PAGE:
by Mary McDonagh Murphy
rating: 3 out of 5
As most of you in the book blogging world know, July 11th marked the 50th anniversary of the publication of To Kill a Mockingbird, arguably one of the best-loved novels in American literature. All across this great country of ours celebrations and festivals have been planned in honor of this momentous event. Dawn of She Is Too Fond of Books organized a read-along of the classic to coordinate with its birthday month. And Scout, Atticus, and Boo was released in June that pays tribute to the endearing characters, as well as their reclusive author, Nelle Harper Lee.
The book is divided in two parts. In the first section, Ms. Murphy gives us a brief background of Harper Lee, life in small-town Alabama in the 1950s, and the subsequent reaction to her masterpiece once it was released. She also gives the reader some behind-the-scenes details of the making of the movie and how Monroeville has adapted to the onslaught of tourists over the past 50 years. Now I thoroughly love any kind of background information – especially when it relates to the writing of an All-American classic, but as Nise mentioned in her review of this same book, I was somewhat disappointed that the author used so many quotes from the interviews in the second half of the book. In my opinion, this weakened the interview section (I had already read this information before) as well as this historical perspective (this portion of the book could have been considerably shorter had the quotes been eliminated – which would have tightened up the narrative and made it more compelling to the reader).
The second portion of the book centered on the 25 or so interviews of various people regarding their impressions of To Kill a Mockingbird. The collection of interviewers is vast – from the child actor who played Scout in the movie, to a teacher in Monroeville in the 1950s, to Harper Lee’s older sister, to various well-known personalities of our day. I thoroughly enjoyed the content of each interview – and the different perspectives that they had while reading the book for the first time, and how those perspectives changed with each subsequent reading (I believe every person claimed to have the read the book more than once). I often felt, however, that the editing processed was rushed, as the writing is often disjointed and bounces from one idea to another. I am not sure if the purpose was to present a stream-of-consciousness feeling (when I say To Kill a Mockingbird, what thoughts come into your mind) or if the rush to publish the book prior to the July 11th deadline loomed overhead. Ms. Murphy obviously did her research, and as I said, I really enjoyed what was said — I just grappled a bit with the written presentation.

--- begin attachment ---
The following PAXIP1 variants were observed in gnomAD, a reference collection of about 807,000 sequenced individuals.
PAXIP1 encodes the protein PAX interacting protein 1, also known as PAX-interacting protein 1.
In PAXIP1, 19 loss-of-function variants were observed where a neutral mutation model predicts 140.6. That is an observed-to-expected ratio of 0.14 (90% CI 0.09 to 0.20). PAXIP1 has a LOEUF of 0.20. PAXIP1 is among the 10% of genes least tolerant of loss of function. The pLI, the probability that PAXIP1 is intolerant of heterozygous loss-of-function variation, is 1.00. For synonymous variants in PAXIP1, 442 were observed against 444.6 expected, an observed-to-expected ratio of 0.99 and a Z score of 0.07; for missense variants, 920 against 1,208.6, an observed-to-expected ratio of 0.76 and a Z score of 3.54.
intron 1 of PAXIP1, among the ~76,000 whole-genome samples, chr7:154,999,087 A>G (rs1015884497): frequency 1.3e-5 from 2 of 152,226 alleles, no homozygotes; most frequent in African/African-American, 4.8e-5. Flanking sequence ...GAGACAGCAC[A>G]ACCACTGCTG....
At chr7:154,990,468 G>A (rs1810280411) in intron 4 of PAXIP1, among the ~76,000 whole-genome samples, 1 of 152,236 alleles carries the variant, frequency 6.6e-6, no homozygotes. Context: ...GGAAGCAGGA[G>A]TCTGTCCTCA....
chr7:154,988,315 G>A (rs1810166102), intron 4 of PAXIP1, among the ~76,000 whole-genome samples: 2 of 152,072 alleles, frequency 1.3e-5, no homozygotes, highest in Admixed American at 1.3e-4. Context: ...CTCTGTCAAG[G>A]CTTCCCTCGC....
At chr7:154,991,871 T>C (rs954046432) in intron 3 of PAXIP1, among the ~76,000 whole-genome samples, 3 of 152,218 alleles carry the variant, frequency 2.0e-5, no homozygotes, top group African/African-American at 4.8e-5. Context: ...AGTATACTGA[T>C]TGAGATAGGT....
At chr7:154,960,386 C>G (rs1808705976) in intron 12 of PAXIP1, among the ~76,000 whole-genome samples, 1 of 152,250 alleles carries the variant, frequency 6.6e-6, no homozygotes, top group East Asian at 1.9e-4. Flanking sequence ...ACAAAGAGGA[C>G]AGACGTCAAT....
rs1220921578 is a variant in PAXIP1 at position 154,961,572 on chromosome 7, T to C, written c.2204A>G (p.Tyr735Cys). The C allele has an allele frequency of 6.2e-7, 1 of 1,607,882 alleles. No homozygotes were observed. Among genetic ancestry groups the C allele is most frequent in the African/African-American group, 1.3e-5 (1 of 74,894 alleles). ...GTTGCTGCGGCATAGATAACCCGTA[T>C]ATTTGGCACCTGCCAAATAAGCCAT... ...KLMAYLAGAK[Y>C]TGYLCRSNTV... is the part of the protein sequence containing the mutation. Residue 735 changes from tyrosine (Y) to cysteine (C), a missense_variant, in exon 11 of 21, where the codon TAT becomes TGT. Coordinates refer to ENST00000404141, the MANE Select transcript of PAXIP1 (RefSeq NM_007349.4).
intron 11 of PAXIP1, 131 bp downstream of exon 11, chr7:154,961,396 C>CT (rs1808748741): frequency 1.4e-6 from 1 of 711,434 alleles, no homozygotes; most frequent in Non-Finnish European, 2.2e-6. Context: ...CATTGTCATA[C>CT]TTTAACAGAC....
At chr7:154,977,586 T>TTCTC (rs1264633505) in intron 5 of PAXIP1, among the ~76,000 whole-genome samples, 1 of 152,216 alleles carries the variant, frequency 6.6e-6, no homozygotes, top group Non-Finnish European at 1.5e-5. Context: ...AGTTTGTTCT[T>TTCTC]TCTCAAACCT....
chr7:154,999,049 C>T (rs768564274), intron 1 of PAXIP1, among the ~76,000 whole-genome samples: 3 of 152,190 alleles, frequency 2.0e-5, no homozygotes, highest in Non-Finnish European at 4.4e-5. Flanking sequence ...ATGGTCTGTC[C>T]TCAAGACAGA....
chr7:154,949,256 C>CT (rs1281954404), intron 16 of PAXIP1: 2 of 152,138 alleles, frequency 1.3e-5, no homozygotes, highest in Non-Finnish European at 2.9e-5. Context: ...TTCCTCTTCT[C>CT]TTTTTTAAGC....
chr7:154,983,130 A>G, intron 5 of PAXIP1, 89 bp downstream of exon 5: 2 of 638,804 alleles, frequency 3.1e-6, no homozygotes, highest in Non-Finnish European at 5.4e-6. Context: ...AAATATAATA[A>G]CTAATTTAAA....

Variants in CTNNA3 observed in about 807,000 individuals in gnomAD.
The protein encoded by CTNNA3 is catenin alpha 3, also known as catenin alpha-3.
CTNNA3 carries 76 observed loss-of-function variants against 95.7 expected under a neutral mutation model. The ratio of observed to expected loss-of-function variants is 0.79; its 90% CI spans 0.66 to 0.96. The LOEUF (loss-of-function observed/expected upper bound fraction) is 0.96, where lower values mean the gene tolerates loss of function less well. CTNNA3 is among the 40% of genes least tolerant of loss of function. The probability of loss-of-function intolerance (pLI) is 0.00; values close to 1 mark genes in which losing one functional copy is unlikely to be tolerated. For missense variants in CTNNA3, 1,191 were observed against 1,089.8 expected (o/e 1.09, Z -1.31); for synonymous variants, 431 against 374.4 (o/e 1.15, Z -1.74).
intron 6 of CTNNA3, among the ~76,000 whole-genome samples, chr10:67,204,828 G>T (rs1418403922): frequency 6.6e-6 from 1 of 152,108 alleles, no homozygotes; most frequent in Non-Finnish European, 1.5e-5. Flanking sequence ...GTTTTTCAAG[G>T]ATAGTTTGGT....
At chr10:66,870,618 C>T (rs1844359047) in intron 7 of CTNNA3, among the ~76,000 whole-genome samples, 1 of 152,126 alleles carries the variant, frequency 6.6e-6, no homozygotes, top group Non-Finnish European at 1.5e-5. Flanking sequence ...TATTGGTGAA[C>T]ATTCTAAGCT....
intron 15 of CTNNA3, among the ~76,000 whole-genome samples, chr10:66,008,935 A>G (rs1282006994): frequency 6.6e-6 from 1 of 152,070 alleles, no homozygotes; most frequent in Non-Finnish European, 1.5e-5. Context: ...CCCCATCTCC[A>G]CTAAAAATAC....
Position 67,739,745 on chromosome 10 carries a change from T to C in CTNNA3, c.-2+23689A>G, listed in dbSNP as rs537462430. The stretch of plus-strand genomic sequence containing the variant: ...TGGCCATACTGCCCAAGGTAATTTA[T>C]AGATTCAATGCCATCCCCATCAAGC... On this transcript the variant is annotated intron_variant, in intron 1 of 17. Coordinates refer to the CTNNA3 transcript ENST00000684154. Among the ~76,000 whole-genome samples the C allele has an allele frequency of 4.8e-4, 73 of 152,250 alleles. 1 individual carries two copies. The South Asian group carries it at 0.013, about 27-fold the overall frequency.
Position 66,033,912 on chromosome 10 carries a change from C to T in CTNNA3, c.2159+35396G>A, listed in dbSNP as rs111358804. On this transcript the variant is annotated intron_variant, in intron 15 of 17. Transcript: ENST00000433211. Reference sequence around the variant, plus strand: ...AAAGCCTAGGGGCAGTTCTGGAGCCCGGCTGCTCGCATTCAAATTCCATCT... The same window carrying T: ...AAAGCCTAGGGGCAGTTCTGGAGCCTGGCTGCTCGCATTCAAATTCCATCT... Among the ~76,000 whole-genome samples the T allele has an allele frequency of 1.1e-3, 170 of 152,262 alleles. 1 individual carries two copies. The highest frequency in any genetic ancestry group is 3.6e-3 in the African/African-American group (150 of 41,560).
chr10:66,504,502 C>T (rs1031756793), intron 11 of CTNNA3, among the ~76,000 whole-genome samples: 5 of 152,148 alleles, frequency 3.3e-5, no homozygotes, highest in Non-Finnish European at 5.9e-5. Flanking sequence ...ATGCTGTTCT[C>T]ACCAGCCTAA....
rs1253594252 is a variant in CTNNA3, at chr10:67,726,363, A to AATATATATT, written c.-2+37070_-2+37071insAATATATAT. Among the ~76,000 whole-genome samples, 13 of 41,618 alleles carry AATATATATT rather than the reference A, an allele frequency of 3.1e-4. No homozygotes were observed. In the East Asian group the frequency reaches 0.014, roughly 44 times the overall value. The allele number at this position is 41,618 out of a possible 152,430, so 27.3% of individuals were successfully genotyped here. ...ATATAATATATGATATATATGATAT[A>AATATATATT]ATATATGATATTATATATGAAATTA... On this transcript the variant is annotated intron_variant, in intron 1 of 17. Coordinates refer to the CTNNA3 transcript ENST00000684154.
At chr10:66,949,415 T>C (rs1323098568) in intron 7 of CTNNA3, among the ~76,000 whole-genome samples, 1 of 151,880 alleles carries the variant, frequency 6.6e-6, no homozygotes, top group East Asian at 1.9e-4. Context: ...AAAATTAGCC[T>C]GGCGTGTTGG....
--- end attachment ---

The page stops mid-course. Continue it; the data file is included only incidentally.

I also had a difficult time with the order in which the interviews were presented: I am not sure there was an order. My spatially organized brain would have preferred that the interviews be sub-categorized — perhaps natives of Monroeville, those involved with the movie adaptation, authors who have been influenced by this book, and other celebrities. I would finish one interview by a current best selling author (Adriana Trigiani) and then immediately have to switch mental gears to read an interview by an African American teacher living in Monroeville in the 1950s (Mary Tucker). Both points of view were fascinating and worthwhile reading, but the juxtaposition of their perspectives was jarring for me: it detracted from the reading experience rather than enhance it.
Having said all that I have decided to purchase the book for my own collection (I read a library copy for this review). In the end, there were enough worthwhile quotes that I wanted to share with my class when I teach this book (for the sixth time) in January. I think that students today need to realize that while the book is not a fast-paced action adventure story, it is one that allows the reader to be swept into another place and time, to become acquainted with characters that take hold of our consciousness and never let go, that shows that injustice does exist in our justice system, and while we may (and should) become angry and frustrated with small-minded thinking, tolerance and love as evidenced by Atticus are the characteristics worth striving for.